Tuesday, January 8, 2019

January 9, Apricot Day: Selection, Storage, Nutrition, and Preparation

In 1961, the Apricot Producers of California (APC) was established. It is a non-profit cooperative association providing information and services to its grower-members within the major apricot producing areas of California.

APC created a website, which features practical information about California apricots. It contains nutritional information, serving suggestions and tips on using and selecting California apricots, APC is actively involved in lobbying governmental and trade organizations; sponsorship of a variety of educational and informational efforts to the foodservice industry, dietitians, and consumers; participation and attendance of trade shows and continued media enhancement.

Today, there are over four hundred apricot growers. They produce apricots from orchards covering 21,000 acres in the San Joaquin Valley and northern California. About 95 percent of the apricots grown in the U.S. come from California.

Apricot Stone,
Eva Rivas, Armenia

Spanish explorers introduced the apricot to California in the 18th century, and recorded history indicates in 1792 the first major California crop was produced. By 1920, the California apricot was flourishing in the Santa Clara Valley. Eventually California apricot farms found their way to the San Joaquin Valley after World War II.

Apricot Selection and Storage
Fresh apricots range in color from yellow to deep orange. Avoid green apricots, as they will not ripen. When selecting fresh apricots, look for fruits soft to the touch and juicy, these are ready to eat. The fruits vary in size from about 1-1/2 to 2-1/2 inches in diameter. The apricot should have a bright, ripe aroma. Stay away from bruised, soft, or mushy apricots.

Apricots will ripen at room temperature or can be stored in the refrigerator to prevent over ripening. A hard apricot can ripen by placing it in a paper bag for one to two days. To freeze apricots, cut the fruit in half and place on a baking sheet until frozen, once they are frozen, store in plastic freezer bags up to 3 months.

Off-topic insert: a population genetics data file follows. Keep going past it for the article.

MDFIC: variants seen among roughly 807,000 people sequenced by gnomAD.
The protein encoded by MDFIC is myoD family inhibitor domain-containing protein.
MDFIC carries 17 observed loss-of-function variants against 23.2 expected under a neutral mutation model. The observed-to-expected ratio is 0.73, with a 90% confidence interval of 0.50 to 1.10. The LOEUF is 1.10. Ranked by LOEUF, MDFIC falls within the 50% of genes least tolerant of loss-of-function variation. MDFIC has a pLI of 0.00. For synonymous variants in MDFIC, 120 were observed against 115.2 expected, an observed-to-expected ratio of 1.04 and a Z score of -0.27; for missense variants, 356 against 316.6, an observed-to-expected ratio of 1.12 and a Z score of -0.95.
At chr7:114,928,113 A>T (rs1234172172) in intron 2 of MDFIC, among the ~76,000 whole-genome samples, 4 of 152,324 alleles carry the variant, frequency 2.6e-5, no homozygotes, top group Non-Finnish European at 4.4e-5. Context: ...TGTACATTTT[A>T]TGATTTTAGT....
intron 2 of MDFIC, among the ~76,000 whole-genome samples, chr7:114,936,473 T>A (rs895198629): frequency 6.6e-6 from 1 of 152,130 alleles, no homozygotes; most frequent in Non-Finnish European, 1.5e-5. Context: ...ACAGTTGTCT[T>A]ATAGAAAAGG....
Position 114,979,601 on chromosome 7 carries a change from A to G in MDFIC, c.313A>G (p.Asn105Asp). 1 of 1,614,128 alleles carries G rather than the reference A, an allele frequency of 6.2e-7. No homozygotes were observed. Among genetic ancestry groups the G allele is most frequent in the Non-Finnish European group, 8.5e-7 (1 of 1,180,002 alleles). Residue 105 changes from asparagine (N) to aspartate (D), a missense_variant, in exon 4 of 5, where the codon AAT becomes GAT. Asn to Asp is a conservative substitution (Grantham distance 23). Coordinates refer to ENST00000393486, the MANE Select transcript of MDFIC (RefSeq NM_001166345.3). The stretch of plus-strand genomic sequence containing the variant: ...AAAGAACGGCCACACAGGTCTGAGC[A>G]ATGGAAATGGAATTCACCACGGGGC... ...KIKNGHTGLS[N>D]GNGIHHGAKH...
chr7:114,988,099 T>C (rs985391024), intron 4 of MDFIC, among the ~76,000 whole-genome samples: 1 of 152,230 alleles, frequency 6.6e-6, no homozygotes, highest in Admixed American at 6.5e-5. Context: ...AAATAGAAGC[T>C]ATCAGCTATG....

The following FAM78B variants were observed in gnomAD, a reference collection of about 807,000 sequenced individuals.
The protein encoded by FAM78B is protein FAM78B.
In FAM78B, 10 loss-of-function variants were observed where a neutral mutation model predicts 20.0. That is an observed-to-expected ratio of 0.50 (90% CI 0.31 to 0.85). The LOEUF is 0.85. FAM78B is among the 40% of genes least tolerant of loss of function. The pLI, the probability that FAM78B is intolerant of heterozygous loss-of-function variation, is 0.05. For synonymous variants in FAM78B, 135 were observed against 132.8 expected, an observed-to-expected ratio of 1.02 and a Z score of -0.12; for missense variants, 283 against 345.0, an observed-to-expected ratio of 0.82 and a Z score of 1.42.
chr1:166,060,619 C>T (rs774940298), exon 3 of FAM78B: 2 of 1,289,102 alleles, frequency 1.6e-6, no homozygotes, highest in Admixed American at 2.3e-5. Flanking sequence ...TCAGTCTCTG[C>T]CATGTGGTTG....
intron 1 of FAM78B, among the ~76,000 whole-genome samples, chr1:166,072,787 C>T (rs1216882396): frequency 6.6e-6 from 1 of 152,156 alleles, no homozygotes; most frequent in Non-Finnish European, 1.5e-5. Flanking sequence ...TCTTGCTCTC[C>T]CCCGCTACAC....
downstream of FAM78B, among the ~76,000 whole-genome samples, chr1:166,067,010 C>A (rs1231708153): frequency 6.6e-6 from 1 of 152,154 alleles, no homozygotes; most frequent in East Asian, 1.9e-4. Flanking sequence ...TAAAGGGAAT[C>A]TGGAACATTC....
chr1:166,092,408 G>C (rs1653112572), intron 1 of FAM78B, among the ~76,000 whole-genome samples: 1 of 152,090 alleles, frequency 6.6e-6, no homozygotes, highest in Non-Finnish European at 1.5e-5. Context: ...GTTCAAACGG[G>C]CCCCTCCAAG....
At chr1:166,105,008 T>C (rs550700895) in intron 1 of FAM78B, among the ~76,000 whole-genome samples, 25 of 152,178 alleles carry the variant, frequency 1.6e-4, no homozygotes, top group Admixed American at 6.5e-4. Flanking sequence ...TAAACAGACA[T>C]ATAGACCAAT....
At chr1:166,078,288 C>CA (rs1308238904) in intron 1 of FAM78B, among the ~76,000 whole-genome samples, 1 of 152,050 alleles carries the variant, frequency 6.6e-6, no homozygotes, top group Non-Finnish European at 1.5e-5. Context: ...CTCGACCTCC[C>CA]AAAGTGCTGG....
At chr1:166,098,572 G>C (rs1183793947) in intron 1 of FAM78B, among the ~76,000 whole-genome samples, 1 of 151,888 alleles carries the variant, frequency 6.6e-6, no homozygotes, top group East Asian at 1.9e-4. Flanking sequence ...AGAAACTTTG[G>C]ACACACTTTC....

Apricots can be purchased fresh, canned, frozen, pureed, dried and as nectar both in juice and concentrated form.

Nutrition Information
Apricots are rich in beta-carotene, Vitamin C, potassium, iron and Vitamin A. They are also high in fiber and low in saturated fat and sodium. Apricots contain no cholesterol. Just three apricots contain 40 percent of the daily requirement of Vitamin A.

Apricots are great to eat raw, but they are excellent in fruit salads and added to baked goods such as pies, cakes, muffins, breads, puddings and ice cream. They can be used in cooking and are compatible with many poultry and pork dishes.

Canned apricots can be added to cereals, yogurt, cottage cheese and smoothies. Fresh, canned, frozen or even dried apricots can be served on top of waffles and pancakes. They can be pureed and used as a fat substitute. 

Recipe: Savory Fresh Apricot Bites
Serves 12. Each serving equals 1/2 cup of fruit or vegetables
Nutritional analysis per serving. Calories 77, Protein 3g, Fat 3g, Calories From Fat 26%, Carbohydrates 10g, Cholesterol 0mg, Fiber 2g, Sodium 52mg.
Source: California Fresh Apricot Council

4 oz fat-free cream cheese, softened
12 fresh apricots, halved
½ cup pistachios, finely chopped

Stir cream cheese until smooth; pipe or spoon into apricot halves. Sprinkle tops with  pistachios. Serve as an appetizer, snack, or dessert.

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